Take the 2-minute tour ×
Stack Overflow is a question and answer site for professional and enthusiast programmers. It's 100% free, no registration required.

I would like to do some microbenchmarks, and try to do them right. Unfortunately dynamic frequency scaling makes benchmarking highly unreliable.

Is there a way to programmatically (C++, Windows) find out if dynamic frequency scaling is enabled? If, can this be disabled in a program?

Ive tried to just use a warmup phase that uses 100% CPU for a second before the actual benchmark takes place, but this turned out to be not reliable either.

UPDATE: Even when I disable SpeedStep in the BIOS, cpu-z shows that the frequency changes between 1995 and 2826 GHz

share|improve this question

2 Answers 2

up vote 6 down vote accepted

In general, you need to do the following steps:

  • Call CallNtPowerInformation() and pass SystemPowerCapabilities to InformationLevel parameter, set lpInputBuffer and nInputBufferSize to NULL, then set lpOutputBuffer to SYSTEM_POWER_CAPABILITIES structure, and set nOutputBufferSize to the size of the structure. After this first call, SYSTEM_POWER_CAPABILITIES structure containing the current system power capabilities. To check whether the system supports processor throttling, read the value of ProcessorThrottle.

  • There are other two members we are interested in, they are, ProcessorMinThrottle and ProcessorMaxThrottle; they represents the minimum and maximum level of system processor throttling supported, expressed as a percentage. If both members has already values 100%, this means CPU throttling is currently disabled, so you don't need to reconfigure it.

  • To disable CPU throttling, you need to set ProcessorMinThrottle and ProcessorMaxThrottle to 100%. To do this, call CallNtPowerInformation() again and pass SystemPowerCapabilities to InformationLevel parameter; but now, set lpInputBuffer to the SYSTEM_POWER_CAPABILITIES structure in which the two members has been set to 100%. I'm sure you know what to do next.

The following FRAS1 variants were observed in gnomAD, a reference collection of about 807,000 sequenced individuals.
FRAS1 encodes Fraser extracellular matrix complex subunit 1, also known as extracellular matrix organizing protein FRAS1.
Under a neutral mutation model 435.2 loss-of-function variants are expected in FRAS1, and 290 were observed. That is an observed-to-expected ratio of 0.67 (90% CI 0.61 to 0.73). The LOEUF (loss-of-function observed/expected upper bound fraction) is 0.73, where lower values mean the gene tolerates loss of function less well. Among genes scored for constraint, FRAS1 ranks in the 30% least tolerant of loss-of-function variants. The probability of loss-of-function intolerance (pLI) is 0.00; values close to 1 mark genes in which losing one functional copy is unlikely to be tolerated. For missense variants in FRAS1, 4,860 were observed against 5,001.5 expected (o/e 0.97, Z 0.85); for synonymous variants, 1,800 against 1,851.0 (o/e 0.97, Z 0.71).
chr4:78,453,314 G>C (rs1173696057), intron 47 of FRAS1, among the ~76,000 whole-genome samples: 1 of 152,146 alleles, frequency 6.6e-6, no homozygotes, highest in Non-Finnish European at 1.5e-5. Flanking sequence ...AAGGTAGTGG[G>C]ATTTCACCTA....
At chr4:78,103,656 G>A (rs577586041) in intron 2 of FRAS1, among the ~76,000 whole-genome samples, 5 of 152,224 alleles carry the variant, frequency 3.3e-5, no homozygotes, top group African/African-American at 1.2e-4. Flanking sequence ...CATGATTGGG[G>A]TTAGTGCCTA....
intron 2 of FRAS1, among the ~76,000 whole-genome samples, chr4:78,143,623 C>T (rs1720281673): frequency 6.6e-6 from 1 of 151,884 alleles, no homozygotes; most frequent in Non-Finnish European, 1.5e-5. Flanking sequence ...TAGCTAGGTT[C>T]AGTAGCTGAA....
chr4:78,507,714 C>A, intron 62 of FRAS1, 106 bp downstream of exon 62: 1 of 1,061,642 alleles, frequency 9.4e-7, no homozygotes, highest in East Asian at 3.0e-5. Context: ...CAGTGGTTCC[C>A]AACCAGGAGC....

In non-programmatic way, you can also get/set Windows Power Options using the Windows built-in command-line tools, that is, PowerCfg.

Further Reading

share|improve this answer
    
Thanks for this. This was useful. One question, though. Is this permanent or just for the time the application runs? –  Glenn1234 Feb 27 '13 at 7:41
    
From the MSDN: SystemPowerCapabilities 4 - The lpInBuffer parameter must be NULL, otherwise, the function returns ERROR_INVALID_PARAMETER. Did someone actually verify this works? –  kalmiya Dec 18 '13 at 10:11

In Windows XP and later CPU speed is managed by power policy. Doesn't it turn off the scaling if you set "Max performance" mode in Windows power management dialog?

There're also some third party tools - SpeedSwitchXP for example.

Programmatically this could be done, I suppose, using CallNtPowerInformation function.

share|improve this answer

Your Answer

 
discard

By posting your answer, you agree to the privacy policy and terms of service.

Not the answer you're looking for? Browse other questions tagged or ask your own question.